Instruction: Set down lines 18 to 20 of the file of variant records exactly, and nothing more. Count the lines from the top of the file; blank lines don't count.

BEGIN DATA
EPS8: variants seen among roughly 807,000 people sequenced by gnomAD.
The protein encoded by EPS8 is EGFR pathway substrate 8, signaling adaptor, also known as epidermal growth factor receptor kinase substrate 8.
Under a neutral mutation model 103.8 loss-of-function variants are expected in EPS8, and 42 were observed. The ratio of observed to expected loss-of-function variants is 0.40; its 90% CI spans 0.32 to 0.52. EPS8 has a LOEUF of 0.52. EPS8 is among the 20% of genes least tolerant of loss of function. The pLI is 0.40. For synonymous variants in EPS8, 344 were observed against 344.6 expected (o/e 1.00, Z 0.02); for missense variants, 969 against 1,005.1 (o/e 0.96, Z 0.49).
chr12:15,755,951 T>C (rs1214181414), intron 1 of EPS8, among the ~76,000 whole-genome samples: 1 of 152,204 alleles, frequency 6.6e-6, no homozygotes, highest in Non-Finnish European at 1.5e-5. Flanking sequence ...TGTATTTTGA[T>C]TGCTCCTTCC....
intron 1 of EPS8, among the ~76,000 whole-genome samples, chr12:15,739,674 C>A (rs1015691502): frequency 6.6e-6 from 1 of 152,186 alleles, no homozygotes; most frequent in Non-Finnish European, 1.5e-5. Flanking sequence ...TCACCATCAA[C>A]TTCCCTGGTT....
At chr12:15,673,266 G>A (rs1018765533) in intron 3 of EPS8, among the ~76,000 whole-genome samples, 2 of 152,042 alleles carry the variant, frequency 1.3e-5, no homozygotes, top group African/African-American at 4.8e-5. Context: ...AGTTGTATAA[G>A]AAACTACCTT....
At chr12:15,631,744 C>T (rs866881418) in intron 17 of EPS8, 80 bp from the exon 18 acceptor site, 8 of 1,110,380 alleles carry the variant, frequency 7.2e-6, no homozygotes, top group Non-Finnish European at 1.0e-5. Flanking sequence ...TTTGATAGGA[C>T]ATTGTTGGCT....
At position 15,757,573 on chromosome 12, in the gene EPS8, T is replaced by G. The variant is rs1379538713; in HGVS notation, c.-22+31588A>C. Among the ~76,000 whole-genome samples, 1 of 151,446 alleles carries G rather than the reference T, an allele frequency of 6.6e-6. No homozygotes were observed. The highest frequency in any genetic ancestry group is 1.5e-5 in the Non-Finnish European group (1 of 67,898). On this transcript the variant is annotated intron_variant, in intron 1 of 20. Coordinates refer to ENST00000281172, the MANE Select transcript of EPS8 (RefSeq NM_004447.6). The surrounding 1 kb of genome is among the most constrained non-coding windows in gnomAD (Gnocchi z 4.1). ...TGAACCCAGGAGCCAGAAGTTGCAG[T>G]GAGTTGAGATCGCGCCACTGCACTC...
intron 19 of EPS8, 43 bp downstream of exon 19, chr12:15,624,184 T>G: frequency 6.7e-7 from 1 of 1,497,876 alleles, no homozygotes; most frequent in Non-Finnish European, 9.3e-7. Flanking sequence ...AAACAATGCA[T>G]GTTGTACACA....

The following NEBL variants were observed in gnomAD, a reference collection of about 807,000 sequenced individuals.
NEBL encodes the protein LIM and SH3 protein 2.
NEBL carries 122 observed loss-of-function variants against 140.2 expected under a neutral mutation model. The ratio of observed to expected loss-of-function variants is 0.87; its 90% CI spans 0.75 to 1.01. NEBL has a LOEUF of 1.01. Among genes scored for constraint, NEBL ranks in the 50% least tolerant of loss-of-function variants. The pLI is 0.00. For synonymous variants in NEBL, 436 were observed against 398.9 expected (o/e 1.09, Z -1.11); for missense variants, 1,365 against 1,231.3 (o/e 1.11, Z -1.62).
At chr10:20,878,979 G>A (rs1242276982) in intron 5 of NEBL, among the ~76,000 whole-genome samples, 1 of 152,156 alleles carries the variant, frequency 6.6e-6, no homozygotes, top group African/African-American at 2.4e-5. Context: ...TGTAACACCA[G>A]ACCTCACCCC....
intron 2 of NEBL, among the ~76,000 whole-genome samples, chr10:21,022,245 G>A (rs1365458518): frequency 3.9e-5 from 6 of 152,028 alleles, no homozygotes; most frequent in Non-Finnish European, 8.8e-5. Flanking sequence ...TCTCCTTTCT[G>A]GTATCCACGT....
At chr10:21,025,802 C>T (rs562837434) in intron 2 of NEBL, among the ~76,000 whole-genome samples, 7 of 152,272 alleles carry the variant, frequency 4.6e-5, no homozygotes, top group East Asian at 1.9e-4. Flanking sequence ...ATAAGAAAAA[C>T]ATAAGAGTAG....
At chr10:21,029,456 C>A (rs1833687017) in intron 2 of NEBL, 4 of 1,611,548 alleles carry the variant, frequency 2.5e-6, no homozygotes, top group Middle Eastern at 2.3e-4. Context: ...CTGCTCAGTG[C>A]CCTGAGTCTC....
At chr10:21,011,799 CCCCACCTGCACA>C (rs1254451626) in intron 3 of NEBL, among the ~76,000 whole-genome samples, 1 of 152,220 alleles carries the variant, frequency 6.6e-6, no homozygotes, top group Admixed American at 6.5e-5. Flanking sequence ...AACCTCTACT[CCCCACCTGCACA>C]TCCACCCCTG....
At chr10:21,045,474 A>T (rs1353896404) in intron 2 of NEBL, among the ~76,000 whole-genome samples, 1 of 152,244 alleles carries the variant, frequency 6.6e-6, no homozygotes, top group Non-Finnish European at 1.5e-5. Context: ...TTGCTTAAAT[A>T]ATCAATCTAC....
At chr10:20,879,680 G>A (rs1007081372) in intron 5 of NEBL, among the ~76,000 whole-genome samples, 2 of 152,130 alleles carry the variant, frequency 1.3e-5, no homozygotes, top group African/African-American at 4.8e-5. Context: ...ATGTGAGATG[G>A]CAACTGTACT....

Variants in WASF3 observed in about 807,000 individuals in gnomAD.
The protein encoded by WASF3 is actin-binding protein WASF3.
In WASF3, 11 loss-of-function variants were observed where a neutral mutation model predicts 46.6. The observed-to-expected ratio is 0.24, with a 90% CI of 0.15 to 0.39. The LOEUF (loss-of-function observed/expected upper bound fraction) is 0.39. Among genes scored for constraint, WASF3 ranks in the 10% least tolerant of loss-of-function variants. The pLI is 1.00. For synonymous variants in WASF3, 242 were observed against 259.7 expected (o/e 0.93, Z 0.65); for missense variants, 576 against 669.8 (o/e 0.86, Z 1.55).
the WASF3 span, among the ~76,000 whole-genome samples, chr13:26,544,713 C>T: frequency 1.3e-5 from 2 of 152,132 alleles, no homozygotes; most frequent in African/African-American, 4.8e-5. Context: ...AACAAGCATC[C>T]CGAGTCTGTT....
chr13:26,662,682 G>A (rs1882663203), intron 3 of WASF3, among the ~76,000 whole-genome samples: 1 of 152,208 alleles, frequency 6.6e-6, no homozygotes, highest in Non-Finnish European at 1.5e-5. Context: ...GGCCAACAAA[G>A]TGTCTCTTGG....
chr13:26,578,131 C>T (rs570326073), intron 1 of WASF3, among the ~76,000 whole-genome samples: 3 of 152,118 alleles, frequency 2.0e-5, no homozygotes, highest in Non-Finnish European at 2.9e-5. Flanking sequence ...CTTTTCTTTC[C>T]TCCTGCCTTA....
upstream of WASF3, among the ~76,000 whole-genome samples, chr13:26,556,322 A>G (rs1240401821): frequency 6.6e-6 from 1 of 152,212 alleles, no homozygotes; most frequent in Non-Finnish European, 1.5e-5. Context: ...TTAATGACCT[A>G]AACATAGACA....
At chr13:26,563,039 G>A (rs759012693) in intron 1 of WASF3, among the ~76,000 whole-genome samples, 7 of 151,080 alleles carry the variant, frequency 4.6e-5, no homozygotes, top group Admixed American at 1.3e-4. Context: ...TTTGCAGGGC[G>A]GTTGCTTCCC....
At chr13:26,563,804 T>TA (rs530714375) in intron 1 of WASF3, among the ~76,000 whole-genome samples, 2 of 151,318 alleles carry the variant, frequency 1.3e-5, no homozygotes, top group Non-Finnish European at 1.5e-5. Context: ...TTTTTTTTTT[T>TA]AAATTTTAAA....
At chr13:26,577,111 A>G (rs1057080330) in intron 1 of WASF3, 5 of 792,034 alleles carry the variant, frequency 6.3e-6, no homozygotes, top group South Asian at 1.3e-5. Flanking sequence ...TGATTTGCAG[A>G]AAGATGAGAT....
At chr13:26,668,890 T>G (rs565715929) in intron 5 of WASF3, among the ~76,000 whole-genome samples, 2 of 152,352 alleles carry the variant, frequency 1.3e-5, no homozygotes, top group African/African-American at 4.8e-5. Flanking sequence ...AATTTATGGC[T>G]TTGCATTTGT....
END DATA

At chr10:21,045,474 A>T (rs1353896404) in intron 2 of NEBL, among the ~76,000 whole-genome samples, 1 of 152,244 alleles carries the variant, frequency 6.6e-6, no homozygotes, top group Non-Finnish European at 1.5e-5. Context: ...TTGCTTAAAT[A>T]ATCAATCTAC....
At chr10:20,879,680 G>A (rs1007081372) in intron 5 of NEBL, among the ~76,000 whole-genome samples, 2 of 152,130 alleles carry the variant, frequency 1.3e-5, no homozygotes, top group African/African-American at 4.8e-5. Context: ...ATGTGAGATG[G>A]CAACTGTACT....

Variants in WASF3 observed in about 807,000 individuals in gnomAD.